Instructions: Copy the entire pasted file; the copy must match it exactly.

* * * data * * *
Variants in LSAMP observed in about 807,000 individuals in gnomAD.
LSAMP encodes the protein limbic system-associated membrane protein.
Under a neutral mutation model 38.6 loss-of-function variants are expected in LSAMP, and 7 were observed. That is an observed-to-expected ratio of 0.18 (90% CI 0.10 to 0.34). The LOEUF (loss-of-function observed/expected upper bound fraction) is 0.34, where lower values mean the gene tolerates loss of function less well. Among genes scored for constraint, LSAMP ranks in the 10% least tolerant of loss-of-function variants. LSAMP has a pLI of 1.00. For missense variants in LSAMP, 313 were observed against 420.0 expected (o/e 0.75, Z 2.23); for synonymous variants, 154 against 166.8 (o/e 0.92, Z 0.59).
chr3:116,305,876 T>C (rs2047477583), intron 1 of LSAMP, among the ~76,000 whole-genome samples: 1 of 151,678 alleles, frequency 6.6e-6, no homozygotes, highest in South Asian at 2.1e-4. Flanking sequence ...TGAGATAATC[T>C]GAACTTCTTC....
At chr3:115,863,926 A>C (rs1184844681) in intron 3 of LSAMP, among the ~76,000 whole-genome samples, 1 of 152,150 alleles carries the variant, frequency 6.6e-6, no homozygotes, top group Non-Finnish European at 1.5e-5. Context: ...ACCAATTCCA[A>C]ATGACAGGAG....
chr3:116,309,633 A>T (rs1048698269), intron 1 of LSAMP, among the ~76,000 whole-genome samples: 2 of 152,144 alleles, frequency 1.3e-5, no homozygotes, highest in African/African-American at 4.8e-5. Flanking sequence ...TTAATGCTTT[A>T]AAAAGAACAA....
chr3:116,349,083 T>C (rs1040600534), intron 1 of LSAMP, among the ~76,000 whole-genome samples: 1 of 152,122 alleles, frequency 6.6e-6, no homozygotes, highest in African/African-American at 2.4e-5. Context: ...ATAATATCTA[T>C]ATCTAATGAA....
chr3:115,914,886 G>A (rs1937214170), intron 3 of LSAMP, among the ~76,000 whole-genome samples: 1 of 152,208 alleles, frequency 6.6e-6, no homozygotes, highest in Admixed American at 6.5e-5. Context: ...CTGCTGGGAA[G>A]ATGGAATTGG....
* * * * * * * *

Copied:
Variants in LSAMP observed in about 807,000 individuals in gnomAD.
LSAMP encodes the protein limbic system-associated membrane protein.
Under a neutral mutation model 38.6 loss-of-function variants are expected in LSAMP, and 7 were observed. That is an observed-to-expected ratio of 0.18 (90% CI 0.10 to 0.34). The LOEUF (loss-of-function observed/expected upper bound fraction) is 0.34, where lower values mean the gene tolerates loss of function less well. Among genes scored for constraint, LSAMP ranks in the 10% least tolerant of loss-of-function variants. LSAMP has a pLI of 1.00. For missense variants in LSAMP, 313 were observed against 420.0 expected (o/e 0.75, Z 2.23); for synonymous variants, 154 against 166.8 (o/e 0.92, Z 0.59).
chr3:116,305,876 T>C (rs2047477583), intron 1 of LSAMP, among the ~76,000 whole-genome samples: 1 of 151,678 alleles, frequency 6.6e-6, no homozygotes, highest in South Asian at 2.1e-4. Flanking sequence ...TGAGATAATC[T>C]GAACTTCTTC....
At chr3:115,863,926 A>C (rs1184844681) in intron 3 of LSAMP, among the ~76,000 whole-genome samples, 1 of 152,150 alleles carries the variant, frequency 6.6e-6, no homozygotes, top group Non-Finnish European at 1.5e-5. Context: ...ACCAATTCCA[A>C]ATGACAGGAG....
chr3:116,309,633 A>T (rs1048698269), intron 1 of LSAMP, among the ~76,000 whole-genome samples: 2 of 152,144 alleles, frequency 1.3e-5, no homozygotes, highest in African/African-American at 4.8e-5. Flanking sequence ...TTAATGCTTT[A>T]AAAAGAACAA....
chr3:116,349,083 T>C (rs1040600534), intron 1 of LSAMP, among the ~76,000 whole-genome samples: 1 of 152,122 alleles, frequency 6.6e-6, no homozygotes, highest in African/African-American at 2.4e-5. Context: ...ATAATATCTA[T>C]ATCTAATGAA....
chr3:115,914,886 G>A (rs1937214170), intron 3 of LSAMP, among the ~76,000 whole-genome samples: 1 of 152,208 alleles, frequency 6.6e-6, no homozygotes, highest in Admixed American at 6.5e-5. Context: ...CTGCTGGGAA[G>A]ATGGAATTGG....